Fire Ecology Field Trip
Grades: 4-6 (can be modified for older students as a fire management program)
Summary: Students participate in an introduction at Apgar and then travel to a 2 mile long (round-trip) trail to hike with a ranger. There will be stops at various points along the trail to do activities or discuss something that they see in the forest.
How to Dress for the Fire Ecology Field Trip (permission slip courtesy of J. Summerscales, Columbia Falls Jr. High)
Objectives: (These are examples of some of the objectives that can be achieved on a fire walk. Many others are possible depending on the teacher's focus and the ranger). Students will be able to:
Montana Content and Performance Standards:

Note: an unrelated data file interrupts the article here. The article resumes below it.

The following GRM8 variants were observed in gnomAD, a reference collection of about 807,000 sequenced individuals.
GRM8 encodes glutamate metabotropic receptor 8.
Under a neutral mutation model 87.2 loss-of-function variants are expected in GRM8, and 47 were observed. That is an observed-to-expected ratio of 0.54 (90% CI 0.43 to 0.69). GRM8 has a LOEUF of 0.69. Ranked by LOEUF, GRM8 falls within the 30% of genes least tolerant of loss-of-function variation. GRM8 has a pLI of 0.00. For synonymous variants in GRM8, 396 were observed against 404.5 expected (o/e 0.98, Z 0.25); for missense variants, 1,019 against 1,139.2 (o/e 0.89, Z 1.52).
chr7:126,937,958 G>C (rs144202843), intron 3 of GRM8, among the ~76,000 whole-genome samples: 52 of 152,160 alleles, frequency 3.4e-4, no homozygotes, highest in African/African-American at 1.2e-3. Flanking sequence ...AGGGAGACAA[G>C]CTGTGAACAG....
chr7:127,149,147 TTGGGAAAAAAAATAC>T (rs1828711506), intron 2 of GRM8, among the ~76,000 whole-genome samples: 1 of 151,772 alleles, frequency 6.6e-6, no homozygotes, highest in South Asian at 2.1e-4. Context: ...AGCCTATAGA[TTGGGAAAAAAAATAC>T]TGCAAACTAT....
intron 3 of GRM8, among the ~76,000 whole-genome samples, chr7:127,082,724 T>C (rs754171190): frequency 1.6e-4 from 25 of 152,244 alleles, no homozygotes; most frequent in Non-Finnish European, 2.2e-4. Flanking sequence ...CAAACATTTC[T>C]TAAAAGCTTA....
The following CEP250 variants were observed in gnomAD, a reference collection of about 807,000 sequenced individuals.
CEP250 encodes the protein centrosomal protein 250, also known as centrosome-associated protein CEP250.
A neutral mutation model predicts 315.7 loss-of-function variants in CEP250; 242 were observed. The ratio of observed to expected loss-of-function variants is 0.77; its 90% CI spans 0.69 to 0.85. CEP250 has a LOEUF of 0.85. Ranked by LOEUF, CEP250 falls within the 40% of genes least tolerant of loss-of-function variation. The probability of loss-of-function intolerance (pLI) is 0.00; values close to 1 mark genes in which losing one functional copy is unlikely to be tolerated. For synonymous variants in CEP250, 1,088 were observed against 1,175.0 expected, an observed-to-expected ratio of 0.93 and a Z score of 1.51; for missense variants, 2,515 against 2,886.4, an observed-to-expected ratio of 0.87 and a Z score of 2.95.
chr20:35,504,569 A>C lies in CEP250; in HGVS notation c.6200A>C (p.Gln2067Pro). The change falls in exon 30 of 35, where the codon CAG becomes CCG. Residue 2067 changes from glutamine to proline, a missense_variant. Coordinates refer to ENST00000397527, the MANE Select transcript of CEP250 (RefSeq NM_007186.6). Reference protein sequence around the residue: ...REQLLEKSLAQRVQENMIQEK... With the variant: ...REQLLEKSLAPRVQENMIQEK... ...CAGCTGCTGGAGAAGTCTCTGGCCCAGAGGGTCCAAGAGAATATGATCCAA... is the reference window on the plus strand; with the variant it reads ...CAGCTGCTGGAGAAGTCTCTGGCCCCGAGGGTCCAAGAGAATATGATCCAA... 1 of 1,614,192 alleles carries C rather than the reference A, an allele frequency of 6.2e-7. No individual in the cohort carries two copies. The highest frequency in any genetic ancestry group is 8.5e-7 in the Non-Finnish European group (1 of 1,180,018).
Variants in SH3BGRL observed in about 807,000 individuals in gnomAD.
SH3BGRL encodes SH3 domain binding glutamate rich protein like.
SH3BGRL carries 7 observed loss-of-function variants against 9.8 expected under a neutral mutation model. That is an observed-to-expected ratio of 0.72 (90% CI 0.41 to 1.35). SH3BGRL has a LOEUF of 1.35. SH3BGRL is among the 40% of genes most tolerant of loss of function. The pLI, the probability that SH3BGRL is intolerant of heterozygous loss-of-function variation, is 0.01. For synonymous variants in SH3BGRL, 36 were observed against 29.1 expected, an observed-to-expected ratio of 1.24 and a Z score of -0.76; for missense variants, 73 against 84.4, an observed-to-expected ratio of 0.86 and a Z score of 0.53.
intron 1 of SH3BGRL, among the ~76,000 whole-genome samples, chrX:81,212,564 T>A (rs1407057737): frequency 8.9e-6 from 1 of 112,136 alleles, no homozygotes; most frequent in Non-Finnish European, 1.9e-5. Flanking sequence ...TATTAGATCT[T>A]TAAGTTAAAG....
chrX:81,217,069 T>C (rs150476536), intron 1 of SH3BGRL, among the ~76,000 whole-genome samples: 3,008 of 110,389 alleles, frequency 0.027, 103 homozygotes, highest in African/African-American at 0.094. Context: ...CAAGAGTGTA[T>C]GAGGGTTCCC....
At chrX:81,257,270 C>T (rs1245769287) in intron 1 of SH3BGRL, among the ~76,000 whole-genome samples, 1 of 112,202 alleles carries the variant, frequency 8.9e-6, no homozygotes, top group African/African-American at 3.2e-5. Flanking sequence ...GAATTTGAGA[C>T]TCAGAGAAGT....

10.54.5010 Science Standard 1= "…design, conduct, evaluate, and communicate scientific investigations."
10.54.5030 Science Standard 3= "…demonstrate knowledge of characteristics, structures and function of living things, the process and diversity of life, and how living organisms interact with each other and their environment."
10.54.5040 Science Standard 4= "…demonstrate knowledge of the composition, structures, processes, and interactions of earth's systems and other objects in space."
Making Connections to Glacier National Park:
One of the reasons Glacier National Park was established was to preserve the natural processes and the biological diversity (variety of plants and animals) that live here.
Field Trip Logistics:
Teachers wishing to have their students participate in the fire ecology field trip should plan to arrive in the park by 9:30 - 10 a.m. and stay until 1:30 - 2 p.m. Everyone must be prepared to be outside all day and ready to hike 2 miles on fairly level terrain.
Did You Know?
Glacier National park was named for the glaciers that carved, sculpted, and formed this landscape millions of years ago. Despite the recession of current glaciers, the park's name will not change when the glaciers are gone.